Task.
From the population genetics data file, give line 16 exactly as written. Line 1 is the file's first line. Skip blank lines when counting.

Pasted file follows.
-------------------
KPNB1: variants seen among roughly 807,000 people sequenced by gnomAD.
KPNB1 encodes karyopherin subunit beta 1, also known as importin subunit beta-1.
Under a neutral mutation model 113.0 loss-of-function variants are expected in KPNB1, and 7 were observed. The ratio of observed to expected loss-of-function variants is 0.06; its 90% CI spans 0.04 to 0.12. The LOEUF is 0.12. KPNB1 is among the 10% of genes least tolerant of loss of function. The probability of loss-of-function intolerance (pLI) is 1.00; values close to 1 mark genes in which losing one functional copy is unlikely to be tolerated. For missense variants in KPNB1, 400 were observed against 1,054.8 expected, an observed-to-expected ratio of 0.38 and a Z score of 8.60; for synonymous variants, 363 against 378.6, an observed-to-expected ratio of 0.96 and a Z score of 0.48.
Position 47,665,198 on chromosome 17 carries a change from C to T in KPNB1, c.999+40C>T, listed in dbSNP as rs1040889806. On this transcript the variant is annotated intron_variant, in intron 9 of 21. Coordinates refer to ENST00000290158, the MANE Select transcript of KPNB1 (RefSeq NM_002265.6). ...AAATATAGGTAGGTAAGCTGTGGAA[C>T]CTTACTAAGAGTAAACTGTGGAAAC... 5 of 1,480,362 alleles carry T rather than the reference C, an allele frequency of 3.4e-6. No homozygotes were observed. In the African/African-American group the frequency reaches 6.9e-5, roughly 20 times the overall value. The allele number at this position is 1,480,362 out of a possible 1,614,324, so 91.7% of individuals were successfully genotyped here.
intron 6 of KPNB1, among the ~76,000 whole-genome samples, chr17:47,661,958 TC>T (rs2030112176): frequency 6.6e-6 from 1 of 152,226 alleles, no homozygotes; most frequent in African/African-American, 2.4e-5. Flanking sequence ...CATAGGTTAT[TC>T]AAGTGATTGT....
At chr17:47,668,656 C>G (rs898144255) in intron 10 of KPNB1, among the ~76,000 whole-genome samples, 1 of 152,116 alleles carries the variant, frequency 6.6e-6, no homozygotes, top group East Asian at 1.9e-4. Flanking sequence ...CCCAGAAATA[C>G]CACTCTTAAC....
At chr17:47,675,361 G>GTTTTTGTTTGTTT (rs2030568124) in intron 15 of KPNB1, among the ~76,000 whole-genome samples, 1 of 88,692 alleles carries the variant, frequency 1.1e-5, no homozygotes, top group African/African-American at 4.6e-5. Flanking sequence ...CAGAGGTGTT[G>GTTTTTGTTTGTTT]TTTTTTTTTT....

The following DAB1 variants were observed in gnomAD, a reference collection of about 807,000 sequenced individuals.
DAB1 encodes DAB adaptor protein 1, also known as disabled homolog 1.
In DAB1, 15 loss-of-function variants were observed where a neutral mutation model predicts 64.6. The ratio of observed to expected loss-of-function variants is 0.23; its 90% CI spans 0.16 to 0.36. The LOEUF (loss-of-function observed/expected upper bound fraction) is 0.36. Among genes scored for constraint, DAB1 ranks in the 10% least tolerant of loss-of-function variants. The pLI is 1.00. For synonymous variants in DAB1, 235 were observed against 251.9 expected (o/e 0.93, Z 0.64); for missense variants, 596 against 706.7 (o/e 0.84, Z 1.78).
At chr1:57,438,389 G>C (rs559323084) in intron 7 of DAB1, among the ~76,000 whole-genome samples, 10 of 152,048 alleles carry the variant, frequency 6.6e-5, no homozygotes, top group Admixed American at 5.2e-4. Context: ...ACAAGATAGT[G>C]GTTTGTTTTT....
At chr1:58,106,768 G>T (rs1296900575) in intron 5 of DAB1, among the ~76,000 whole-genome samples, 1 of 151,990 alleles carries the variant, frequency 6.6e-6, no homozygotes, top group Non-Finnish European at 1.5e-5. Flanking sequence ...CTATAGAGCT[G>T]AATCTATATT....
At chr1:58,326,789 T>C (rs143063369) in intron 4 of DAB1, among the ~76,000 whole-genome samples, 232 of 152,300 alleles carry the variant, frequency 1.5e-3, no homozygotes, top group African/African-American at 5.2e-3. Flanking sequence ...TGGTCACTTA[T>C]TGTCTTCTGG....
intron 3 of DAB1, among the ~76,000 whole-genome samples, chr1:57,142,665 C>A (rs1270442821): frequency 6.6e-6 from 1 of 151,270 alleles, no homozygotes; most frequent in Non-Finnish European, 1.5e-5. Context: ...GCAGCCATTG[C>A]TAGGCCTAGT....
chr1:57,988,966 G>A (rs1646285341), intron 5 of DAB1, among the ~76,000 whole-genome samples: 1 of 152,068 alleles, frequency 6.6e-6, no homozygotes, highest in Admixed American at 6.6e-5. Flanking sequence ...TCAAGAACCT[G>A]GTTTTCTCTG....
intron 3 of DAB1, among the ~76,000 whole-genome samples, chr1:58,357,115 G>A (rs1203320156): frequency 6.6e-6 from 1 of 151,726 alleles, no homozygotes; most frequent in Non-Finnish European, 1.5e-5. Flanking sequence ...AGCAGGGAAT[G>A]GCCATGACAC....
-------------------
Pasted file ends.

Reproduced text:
intron 3 of DAB1, among the ~76,000 whole-genome samples, chr1:58,357,115 G>A (rs1203320156): frequency 6.6e-6 from 1 of 151,726 alleles, no homozygotes; most frequent in Non-Finnish European, 1.5e-5. Flanking sequence ...AGCAGGGAAT[G>A]GCCATGACAC....